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Voters lean toward legal marijuana in WYPR/Banner poll

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Maryland voters favored legalizing adult use of recreational marijuana and delisting criminal records for marijuana use and possession, according to a Goucher College poll in partnership with WYPR and Baltimore banner. About 59% of adults surveyed in early September said they would vote in favor of legalizing marijuana consumers age 21 or older. About 34% said they were against it and only 7% said they were undecided or did not know how to vote.

If the referendum is approved, people under 21 years of age or older will be allowed to own 1.5 ounces of marijuana and grow two plants.

Marijuana dispensaries in Maryland have been for medical card patients only since 2014 when the General Assembly approved the medical use of marijuana. In 2014, Maryland decriminalized marijuana possession and anyone caught in possession of 10 fines or less faces a $100 fine for the first offense.

About 62% of survey respondents said that people with criminal records related to marijuana use and possession should be able to clear their records if recreational marijuana becomes legal. 29% opposed this measure, 8% did not decide, and 1% refused to answer the question.

A voter referendum will allow the general public to purchase marijuana after July 1, 2023.

Supporters of the measure say it could be a boon to the country’s economy.

“Just like alcohol and tobacco, I don’t see any problem with an adult choosing to do this,” said Ian Mayo, a Democrat in Howard County. “It would bring in more tax revenue and there would be much less illegal drug activity if they were sold legally. I think that would be an overall improvement.”

State records show that Maryland dispensaries statewide generated between $42 million and $48 million in medical marijuana sales each month in 2021.

Nineteen states already allow the sale of recreational marijuana. A recent survey found that twelve of those countries have brought $3 billion in combined tax revenue In 2021, according to the Marijuana Policy Project, a national advocacy organization focused on changing cannabis laws. The other seven states were not taken into account because they were not willing to sell recreational marijuana at the time of the study.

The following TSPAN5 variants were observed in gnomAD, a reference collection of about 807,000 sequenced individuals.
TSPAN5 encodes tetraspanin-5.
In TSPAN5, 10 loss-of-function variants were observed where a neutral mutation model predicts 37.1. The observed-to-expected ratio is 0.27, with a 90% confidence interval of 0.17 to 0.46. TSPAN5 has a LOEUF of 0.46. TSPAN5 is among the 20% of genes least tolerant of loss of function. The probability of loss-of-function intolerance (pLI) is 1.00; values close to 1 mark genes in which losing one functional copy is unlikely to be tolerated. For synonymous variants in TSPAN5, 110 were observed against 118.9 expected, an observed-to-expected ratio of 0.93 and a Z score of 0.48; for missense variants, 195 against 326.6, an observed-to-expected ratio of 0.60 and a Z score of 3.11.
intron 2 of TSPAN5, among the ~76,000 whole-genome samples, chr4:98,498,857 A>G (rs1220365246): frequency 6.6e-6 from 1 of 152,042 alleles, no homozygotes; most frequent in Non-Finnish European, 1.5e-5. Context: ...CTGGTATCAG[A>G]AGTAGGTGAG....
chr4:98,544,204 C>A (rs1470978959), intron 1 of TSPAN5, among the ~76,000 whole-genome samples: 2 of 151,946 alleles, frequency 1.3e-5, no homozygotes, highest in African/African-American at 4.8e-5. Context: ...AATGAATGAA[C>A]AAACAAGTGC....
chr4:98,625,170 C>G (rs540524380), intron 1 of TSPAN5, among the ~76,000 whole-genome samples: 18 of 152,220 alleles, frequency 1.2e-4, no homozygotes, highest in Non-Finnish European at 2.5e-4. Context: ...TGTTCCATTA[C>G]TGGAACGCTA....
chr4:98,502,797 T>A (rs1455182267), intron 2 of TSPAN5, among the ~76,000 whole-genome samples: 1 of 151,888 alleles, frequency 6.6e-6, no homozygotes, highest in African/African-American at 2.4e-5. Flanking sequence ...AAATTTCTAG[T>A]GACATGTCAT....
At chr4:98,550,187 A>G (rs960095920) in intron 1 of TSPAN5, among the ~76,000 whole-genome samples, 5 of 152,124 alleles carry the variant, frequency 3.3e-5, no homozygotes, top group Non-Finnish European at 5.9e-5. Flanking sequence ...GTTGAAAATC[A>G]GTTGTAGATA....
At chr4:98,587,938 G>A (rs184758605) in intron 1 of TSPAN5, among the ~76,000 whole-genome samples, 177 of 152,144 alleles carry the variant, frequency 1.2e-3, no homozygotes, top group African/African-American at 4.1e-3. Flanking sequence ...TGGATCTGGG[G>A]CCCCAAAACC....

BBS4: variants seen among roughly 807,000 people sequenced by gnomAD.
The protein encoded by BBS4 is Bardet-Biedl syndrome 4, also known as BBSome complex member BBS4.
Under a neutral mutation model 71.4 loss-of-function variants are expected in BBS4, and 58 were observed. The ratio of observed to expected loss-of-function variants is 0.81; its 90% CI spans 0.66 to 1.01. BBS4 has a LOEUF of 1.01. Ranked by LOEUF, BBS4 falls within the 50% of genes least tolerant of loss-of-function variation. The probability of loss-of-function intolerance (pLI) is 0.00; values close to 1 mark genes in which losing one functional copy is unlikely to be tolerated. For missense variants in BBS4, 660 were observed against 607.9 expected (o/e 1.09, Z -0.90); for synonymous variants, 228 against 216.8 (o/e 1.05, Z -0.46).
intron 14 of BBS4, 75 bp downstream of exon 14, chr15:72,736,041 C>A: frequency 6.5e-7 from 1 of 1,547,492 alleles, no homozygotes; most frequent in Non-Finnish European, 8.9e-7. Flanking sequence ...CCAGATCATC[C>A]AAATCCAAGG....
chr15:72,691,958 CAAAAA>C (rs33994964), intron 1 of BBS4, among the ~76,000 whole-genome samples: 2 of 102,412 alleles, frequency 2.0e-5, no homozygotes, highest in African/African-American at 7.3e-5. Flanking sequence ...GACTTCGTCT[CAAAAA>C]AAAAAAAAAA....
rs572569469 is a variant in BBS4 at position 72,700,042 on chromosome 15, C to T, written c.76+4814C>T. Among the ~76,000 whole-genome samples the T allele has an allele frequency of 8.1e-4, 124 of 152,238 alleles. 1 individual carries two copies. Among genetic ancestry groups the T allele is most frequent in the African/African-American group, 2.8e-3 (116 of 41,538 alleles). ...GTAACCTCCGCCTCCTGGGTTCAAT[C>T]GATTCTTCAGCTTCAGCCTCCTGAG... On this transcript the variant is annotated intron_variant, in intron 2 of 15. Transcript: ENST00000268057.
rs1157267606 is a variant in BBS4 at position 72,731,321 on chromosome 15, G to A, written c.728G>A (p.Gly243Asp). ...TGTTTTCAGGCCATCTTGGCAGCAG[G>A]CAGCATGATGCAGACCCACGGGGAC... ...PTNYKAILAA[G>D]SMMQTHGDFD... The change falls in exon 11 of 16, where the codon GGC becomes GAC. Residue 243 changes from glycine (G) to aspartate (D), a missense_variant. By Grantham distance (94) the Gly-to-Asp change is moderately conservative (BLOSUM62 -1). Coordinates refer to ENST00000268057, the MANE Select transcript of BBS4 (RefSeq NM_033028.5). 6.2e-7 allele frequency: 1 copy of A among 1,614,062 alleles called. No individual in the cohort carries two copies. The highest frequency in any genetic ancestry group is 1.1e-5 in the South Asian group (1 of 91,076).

In June, an economic researcher warned that legalizing marijuana isn’t just a profitable cow for state coffers.

John Hodak, a senior fellow at the Brookings Institution, a public policy think-tank, told House and Senate Joint House and Senate legislators of the Maryland Senate’s Legalization Working Group that the market could be unbalanced if taxes were too high. This can drive consumers onto the streets or even encourage trafficking across state lines, which is illegal.

He also noted that Maryland needs to consider how to equitably distribute sales licenses if the referendum is passed.

Not everyone wants recreational marijuana in Maryland to become the law of the land.

Jim Marshall, independent Howard County, said he plans to vote against the referendum.

“It’s a process of extracting money for the government, it’s another source of income through taxes,” Marshall told WYPR.

The 52-year-old said he’s more concerned about how recreational marijuana works.

“I think this is dangerous,” he said. “I also have some significant concerns about someone being able to operate a vehicle while under the influence of marijuana.”

Kristen Mossbroker and Rachel Bay contributed to the report.



Grow guide for marijuana beginners.

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